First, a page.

It wasn’t just men serving in uniform at the time. This smiling WAC (Women’s Army Corps) is Catherine Schuyler’s grandmother, who is about to get into a very snappy 1942 Buick Roadmaster convertible. The WACs were first established as the WAACs (Women’s Auxiliary Army Corps) only a few months after Pearl Harbor, as all hands — both men and women — were needed on deck. My beloved great aunt Fran likewise served as a WW2 WAC. I pointed out the extend-into-door pontoon fenders on the Pontiac in the previous photo, which were also a new feature of Buicks in 1942. But only the top-of-the-line Roadmaster had them extend all the way through to the rear quarter panel, as you can see here. This would be just about the most advanced styling you would see on any prewar American production car.
The last 1942 Buick civilian car, another Roadmaster, rolled off the Flint assembly line on February 3, an event commemorated in the photo below. For the duration of the war the Buick plant was retooled for the production of war materiel, most notably aircraft engines. Buick was the main producer of cylinder heads for massive Pratt & Whitney radial engines, many of which eventually found their way to the B-24 bombers made at Ford. Those engines were also used in Douglas C-47 Skytrains for troop transport and to airdrop paratroopers. Buick also made M-18 Hellcat tank destroyers, and engine components for amphibious landing craft. I suspect the workers in this photo were in the thick of that production.
GM cars weren’t alone in getting a fender styling update in ‘42. The dauntless sailor here, a family friend of “Duck Hunter TX,” is leaning against a 1942 Packard Clipper sedan. The Clipper’s integrated fender design was a somewhat daring departure from the rest of the 1942 Packard line, which retained their conservative 1930s style fender separation. But the real star here is the young swabbie, looking ready to take the fight to Tojo and avenge Pearl Harbor.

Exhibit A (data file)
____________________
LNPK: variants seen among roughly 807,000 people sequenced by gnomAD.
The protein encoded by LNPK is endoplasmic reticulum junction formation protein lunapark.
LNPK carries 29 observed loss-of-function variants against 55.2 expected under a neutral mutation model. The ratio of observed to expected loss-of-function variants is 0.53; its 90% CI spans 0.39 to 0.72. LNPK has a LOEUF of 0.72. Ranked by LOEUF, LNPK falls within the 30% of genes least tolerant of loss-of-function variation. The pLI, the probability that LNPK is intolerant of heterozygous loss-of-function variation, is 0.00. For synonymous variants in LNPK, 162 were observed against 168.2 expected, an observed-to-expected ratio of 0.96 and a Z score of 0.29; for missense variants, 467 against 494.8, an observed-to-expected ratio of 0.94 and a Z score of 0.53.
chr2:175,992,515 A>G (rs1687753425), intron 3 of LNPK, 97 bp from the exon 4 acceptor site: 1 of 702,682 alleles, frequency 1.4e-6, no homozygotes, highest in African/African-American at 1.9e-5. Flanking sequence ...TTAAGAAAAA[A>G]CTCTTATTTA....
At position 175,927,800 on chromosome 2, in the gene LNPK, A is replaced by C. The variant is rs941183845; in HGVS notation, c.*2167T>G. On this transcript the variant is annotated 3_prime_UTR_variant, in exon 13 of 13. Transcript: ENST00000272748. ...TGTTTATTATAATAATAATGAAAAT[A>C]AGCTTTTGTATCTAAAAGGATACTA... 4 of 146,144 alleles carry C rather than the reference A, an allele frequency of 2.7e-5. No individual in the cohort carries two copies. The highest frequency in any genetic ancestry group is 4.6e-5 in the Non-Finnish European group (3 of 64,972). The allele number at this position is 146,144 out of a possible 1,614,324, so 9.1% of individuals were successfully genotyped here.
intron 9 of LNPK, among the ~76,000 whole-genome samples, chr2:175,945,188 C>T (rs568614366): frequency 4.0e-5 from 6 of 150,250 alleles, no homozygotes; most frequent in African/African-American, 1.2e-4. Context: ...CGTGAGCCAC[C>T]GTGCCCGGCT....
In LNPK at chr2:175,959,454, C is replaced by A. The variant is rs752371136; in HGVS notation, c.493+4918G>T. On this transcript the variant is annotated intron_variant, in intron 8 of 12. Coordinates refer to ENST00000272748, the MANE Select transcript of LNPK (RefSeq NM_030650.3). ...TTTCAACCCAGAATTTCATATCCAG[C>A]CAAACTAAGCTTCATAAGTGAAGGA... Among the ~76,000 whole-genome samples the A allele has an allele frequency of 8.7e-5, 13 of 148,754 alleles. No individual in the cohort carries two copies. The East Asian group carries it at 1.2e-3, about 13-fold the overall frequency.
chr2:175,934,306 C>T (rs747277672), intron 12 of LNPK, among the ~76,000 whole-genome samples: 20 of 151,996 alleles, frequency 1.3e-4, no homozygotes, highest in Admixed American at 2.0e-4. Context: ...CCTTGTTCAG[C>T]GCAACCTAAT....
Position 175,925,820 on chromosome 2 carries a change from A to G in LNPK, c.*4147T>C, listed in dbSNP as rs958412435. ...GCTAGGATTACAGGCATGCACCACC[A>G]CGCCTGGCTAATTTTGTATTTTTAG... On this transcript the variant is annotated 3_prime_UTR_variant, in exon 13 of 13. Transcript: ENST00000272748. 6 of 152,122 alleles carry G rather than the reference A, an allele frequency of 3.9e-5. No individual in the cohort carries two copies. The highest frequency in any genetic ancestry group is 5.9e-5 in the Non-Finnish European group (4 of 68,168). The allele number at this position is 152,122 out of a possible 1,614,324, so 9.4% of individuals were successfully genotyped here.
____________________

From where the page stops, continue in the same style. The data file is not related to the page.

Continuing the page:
You can get a better gander at those Clipper fenders in this Packard publicity shot, showing the last prewar production Packard car coming off the assembly line on February 9, 1942. Note the “It’s ‘all out on ENGINES” line on the placard.
Indeed, Packard went all out making engines, famously the Merlin V-12 made under license from Rolls-Royce. Those mighty Merlins were used to power the RAF’s legendary Spitfire fighter planes, and the Packard version was used in the equally legendary P-51 Mustang fighters of the US Army Air Corps. Those Packard Merlins were also used in Canadian De Havilland Mosquitoes and British Lancaster bombers. Packard also build another legendary V-12 marine engine, the 4M2500, used in Higgins and Elco PT boats.
Circling back to GM, in this photo from Joseph Spiegel we see his older brother in 1944 romping in front of the family’s 1942 Oldsmobile Dynamic coupe. A good illustration of the ‘42 model year reset: the disappearance of running boards, Harley Earl’s extended door fenders, the sloping fastback. Olds called its fastback body style the “Dynamic,” Buick and Cadillac called it the “Sedanette,” Pontiac called it the “Torpedo” or “Streamliner,” Chevy would call it the “Fleetline.” This would be the apotheosis of GM styling up until 1949. And the photo also provides a good illustration of what all those soldiers, sailors, airmen, and Marines were fighting for: peace, freedom, and a new generation happily playing in the yard.
No further 1942 Oldsmobiles would be made after February 5. For the next few years the Olds plant in Lansing, Michigan was all about cannons — 125,000 of them — along with millions of artillery shells. Those Oldsmobile-made cannons constituted the business end of thousand of US tanks like the M4, M10, and M18, and also found their way into ground and naval anti-aircraft applications, and the nose cannons of US fighters and bombers. Oldsmobile also produced axles for heavy military trucks and castings for aircraft landing gear, and their durable Hydromatic automatic transmissions were used in tanks to cut valuable training time for tank drivers.
The unidentified man in this photo from @fobrg is posing for a snowy photo op in front of a 1942 Nash Ambassador convertible, probably the rarest of the ‘42s seen in this issue. Like Ford, the ‘42 Nash featured minimal cosmetic changes to the ‘41, and would remain almost identical through 1948. It’s somewhat noteworthy that Nash at the time fell into the conservative, “normal” part of the car design spectrum. In 1949 they would throw that template out the window, creating some of the weirdest and wackiest postwar car designs that, whatever you thought of them, set Nash apart from the crowd.